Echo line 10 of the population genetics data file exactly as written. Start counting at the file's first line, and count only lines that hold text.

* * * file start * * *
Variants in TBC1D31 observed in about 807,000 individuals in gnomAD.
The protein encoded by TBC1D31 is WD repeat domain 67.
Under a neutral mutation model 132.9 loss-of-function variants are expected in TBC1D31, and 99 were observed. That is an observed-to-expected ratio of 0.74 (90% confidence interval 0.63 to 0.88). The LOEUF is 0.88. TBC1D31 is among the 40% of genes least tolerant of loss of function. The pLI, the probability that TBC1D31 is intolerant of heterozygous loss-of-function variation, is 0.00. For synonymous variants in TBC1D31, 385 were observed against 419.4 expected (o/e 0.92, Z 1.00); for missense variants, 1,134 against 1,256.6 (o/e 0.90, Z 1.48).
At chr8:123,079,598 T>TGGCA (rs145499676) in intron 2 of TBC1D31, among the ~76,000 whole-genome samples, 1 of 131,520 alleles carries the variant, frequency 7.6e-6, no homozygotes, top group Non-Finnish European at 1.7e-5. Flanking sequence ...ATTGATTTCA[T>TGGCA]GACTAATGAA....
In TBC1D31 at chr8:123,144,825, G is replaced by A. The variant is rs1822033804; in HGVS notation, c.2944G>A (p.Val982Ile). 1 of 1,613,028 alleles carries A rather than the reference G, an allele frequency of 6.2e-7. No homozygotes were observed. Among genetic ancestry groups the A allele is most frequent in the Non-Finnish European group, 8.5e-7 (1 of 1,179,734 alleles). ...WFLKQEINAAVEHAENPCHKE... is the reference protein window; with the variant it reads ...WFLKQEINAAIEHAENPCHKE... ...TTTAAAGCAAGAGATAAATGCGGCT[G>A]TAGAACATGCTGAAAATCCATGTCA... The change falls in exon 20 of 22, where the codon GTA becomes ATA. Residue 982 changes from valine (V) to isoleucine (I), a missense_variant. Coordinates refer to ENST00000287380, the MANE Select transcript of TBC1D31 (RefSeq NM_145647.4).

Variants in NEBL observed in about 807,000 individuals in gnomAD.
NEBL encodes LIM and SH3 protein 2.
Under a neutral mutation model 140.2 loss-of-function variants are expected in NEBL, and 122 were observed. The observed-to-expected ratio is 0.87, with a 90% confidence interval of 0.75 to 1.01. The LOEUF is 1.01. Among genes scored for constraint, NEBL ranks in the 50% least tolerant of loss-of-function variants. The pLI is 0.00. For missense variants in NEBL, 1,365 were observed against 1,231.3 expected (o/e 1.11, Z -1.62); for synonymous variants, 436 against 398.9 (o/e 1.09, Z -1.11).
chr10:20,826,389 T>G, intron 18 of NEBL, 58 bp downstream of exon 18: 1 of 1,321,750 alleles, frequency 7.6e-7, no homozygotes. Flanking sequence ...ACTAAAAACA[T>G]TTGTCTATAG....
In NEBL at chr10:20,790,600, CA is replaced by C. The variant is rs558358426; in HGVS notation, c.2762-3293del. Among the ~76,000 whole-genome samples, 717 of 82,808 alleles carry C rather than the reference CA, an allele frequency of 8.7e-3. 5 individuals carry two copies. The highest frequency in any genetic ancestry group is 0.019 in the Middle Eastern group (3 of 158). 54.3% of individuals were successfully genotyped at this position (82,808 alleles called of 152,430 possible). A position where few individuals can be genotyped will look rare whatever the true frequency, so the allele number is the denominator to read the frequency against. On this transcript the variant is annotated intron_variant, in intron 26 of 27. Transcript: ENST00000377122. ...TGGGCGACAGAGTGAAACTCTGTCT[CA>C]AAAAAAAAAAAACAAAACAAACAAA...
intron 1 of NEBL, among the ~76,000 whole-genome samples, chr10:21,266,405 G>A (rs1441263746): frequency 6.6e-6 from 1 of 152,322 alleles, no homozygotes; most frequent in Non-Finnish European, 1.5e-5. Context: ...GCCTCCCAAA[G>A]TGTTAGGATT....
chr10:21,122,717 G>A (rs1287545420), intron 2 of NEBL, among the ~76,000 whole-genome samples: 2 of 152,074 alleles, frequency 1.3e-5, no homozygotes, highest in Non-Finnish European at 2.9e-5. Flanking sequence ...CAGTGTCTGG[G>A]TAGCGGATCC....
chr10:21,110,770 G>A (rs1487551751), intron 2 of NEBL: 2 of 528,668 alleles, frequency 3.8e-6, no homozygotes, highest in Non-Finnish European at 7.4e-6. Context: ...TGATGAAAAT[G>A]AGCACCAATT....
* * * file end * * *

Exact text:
In NEBL at chr10:20,790,600, CA is replaced by C. The variant is rs558358426; in HGVS notation, c.2762-3293del. Among the ~76,000 whole-genome samples, 717 of 82,808 alleles carry C rather than the reference CA, an allele frequency of 8.7e-3. 5 individuals carry two copies. The highest frequency in any genetic ancestry group is 0.019 in the Middle Eastern group (3 of 158). 54.3% of individuals were successfully genotyped at this position (82,808 alleles called of 152,430 possible). A position where few individuals can be genotyped will look rare whatever the true frequency, so the allele number is the denominator to read the frequency against. On this transcript the variant is annotated intron_variant, in intron 26 of 27. Transcript: ENST00000377122. ...TGGGCGACAGAGTGAAACTCTGTCT[CA>C]AAAAAAAAAAAACAAAACAAACAAA...